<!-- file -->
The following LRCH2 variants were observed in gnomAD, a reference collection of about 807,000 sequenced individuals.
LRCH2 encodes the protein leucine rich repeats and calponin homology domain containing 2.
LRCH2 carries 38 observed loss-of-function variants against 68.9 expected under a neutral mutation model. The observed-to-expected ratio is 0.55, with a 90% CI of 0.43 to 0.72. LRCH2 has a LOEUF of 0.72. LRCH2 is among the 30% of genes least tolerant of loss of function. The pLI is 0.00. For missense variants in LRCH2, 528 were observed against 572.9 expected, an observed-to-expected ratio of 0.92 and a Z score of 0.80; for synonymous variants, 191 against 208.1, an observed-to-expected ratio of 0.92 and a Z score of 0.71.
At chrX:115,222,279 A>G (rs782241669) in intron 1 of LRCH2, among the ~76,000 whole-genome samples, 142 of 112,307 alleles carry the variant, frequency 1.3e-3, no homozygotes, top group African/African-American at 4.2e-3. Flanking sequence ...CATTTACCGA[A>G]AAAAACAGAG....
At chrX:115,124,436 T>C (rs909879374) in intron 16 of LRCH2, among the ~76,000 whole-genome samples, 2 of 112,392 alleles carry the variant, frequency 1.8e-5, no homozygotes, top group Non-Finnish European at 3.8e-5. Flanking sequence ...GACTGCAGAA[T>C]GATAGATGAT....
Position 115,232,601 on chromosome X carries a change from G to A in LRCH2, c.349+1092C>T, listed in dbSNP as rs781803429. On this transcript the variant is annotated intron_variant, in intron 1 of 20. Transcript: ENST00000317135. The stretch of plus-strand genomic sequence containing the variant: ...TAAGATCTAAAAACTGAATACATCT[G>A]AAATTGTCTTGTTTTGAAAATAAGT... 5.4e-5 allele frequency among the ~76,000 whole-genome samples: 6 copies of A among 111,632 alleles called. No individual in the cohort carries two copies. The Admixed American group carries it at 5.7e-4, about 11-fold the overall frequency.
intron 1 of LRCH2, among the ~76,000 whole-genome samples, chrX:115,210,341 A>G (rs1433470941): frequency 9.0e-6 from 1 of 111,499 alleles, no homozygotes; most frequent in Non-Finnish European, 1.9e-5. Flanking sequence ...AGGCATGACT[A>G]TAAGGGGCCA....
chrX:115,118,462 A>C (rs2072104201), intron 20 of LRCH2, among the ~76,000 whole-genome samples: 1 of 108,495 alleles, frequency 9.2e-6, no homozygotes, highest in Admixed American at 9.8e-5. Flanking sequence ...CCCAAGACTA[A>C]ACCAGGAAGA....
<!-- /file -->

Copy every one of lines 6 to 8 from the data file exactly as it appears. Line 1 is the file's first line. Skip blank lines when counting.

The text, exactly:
Position 115,232,601 on chromosome X carries a change from G to A in LRCH2, c.349+1092C>T, listed in dbSNP as rs781803429. On this transcript the variant is annotated intron_variant, in intron 1 of 20. Transcript: ENST00000317135. The stretch of plus-strand genomic sequence containing the variant: ...TAAGATCTAAAAACTGAATACATCT[G>A]AAATTGTCTTGTTTTGAAAATAAGT... 5.4e-5 allele frequency among the ~76,000 whole-genome samples: 6 copies of A among 111,632 alleles called. No individual in the cohort carries two copies. The Admixed American group carries it at 5.7e-4, about 11-fold the overall frequency.
intron 1 of LRCH2, among the ~76,000 whole-genome samples, chrX:115,210,341 A>G (rs1433470941): frequency 9.0e-6 from 1 of 111,499 alleles, no homozygotes; most frequent in Non-Finnish European, 1.9e-5. Flanking sequence ...AGGCATGACT[A>G]TAAGGGGCCA....
chrX:115,118,462 A>C (rs2072104201), intron 20 of LRCH2, among the ~76,000 whole-genome samples: 1 of 108,495 alleles, frequency 9.2e-6, no homozygotes, highest in Admixed American at 9.8e-5. Flanking sequence ...CCCAAGACTA[A>C]ACCAGGAAGA....